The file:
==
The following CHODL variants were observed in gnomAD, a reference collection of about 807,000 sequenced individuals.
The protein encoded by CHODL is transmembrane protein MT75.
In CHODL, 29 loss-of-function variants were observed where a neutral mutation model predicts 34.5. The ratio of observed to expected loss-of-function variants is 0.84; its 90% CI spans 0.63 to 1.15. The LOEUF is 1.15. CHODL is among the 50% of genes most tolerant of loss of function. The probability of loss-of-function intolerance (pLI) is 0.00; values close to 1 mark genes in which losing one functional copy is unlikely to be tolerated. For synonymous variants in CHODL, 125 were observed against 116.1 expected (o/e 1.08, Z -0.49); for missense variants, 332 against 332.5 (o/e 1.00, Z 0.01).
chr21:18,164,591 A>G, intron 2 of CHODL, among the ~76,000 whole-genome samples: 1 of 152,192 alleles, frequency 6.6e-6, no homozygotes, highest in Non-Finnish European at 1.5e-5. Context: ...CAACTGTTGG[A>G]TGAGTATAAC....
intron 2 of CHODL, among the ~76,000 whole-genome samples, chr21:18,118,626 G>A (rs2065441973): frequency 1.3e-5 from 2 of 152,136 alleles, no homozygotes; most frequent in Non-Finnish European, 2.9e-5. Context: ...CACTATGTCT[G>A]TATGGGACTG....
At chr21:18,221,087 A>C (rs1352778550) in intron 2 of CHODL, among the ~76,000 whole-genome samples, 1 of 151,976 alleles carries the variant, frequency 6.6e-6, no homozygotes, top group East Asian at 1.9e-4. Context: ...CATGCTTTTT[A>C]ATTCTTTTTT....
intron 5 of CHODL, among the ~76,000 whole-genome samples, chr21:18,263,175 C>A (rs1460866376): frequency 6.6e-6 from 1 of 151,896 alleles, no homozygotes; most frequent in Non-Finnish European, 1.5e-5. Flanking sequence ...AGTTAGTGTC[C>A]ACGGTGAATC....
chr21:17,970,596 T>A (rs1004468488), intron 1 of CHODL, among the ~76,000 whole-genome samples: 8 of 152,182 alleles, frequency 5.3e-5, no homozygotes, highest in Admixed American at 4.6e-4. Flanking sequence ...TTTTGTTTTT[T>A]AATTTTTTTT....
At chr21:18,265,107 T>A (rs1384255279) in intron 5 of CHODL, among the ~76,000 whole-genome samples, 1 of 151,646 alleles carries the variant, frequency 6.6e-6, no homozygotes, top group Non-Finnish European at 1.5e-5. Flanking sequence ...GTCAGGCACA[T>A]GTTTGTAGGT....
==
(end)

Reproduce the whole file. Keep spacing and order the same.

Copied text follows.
The following CHODL variants were observed in gnomAD, a reference collection of about 807,000 sequenced individuals.
The protein encoded by CHODL is transmembrane protein MT75.
In CHODL, 29 loss-of-function variants were observed where a neutral mutation model predicts 34.5. The ratio of observed to expected loss-of-function variants is 0.84; its 90% CI spans 0.63 to 1.15. The LOEUF is 1.15. CHODL is among the 50% of genes most tolerant of loss of function. The probability of loss-of-function intolerance (pLI) is 0.00; values close to 1 mark genes in which losing one functional copy is unlikely to be tolerated. For synonymous variants in CHODL, 125 were observed against 116.1 expected (o/e 1.08, Z -0.49); for missense variants, 332 against 332.5 (o/e 1.00, Z 0.01).
chr21:18,164,591 A>G, intron 2 of CHODL, among the ~76,000 whole-genome samples: 1 of 152,192 alleles, frequency 6.6e-6, no homozygotes, highest in Non-Finnish European at 1.5e-5. Context: ...CAACTGTTGG[A>G]TGAGTATAAC....
intron 2 of CHODL, among the ~76,000 whole-genome samples, chr21:18,118,626 G>A (rs2065441973): frequency 1.3e-5 from 2 of 152,136 alleles, no homozygotes; most frequent in Non-Finnish European, 2.9e-5. Context: ...CACTATGTCT[G>A]TATGGGACTG....
At chr21:18,221,087 A>C (rs1352778550) in intron 2 of CHODL, among the ~76,000 whole-genome samples, 1 of 151,976 alleles carries the variant, frequency 6.6e-6, no homozygotes, top group East Asian at 1.9e-4. Context: ...CATGCTTTTT[A>C]ATTCTTTTTT....
intron 5 of CHODL, among the ~76,000 whole-genome samples, chr21:18,263,175 C>A (rs1460866376): frequency 6.6e-6 from 1 of 151,896 alleles, no homozygotes; most frequent in Non-Finnish European, 1.5e-5. Flanking sequence ...AGTTAGTGTC[C>A]ACGGTGAATC....
chr21:17,970,596 T>A (rs1004468488), intron 1 of CHODL, among the ~76,000 whole-genome samples: 8 of 152,182 alleles, frequency 5.3e-5, no homozygotes, highest in Admixed American at 4.6e-4. Flanking sequence ...TTTTGTTTTT[T>A]AATTTTTTTT....
At chr21:18,265,107 T>A (rs1384255279) in intron 5 of CHODL, among the ~76,000 whole-genome samples, 1 of 151,646 alleles carries the variant, frequency 6.6e-6, no homozygotes, top group Non-Finnish European at 1.5e-5. Flanking sequence ...GTCAGGCACA[T>A]GTTTGTAGGT....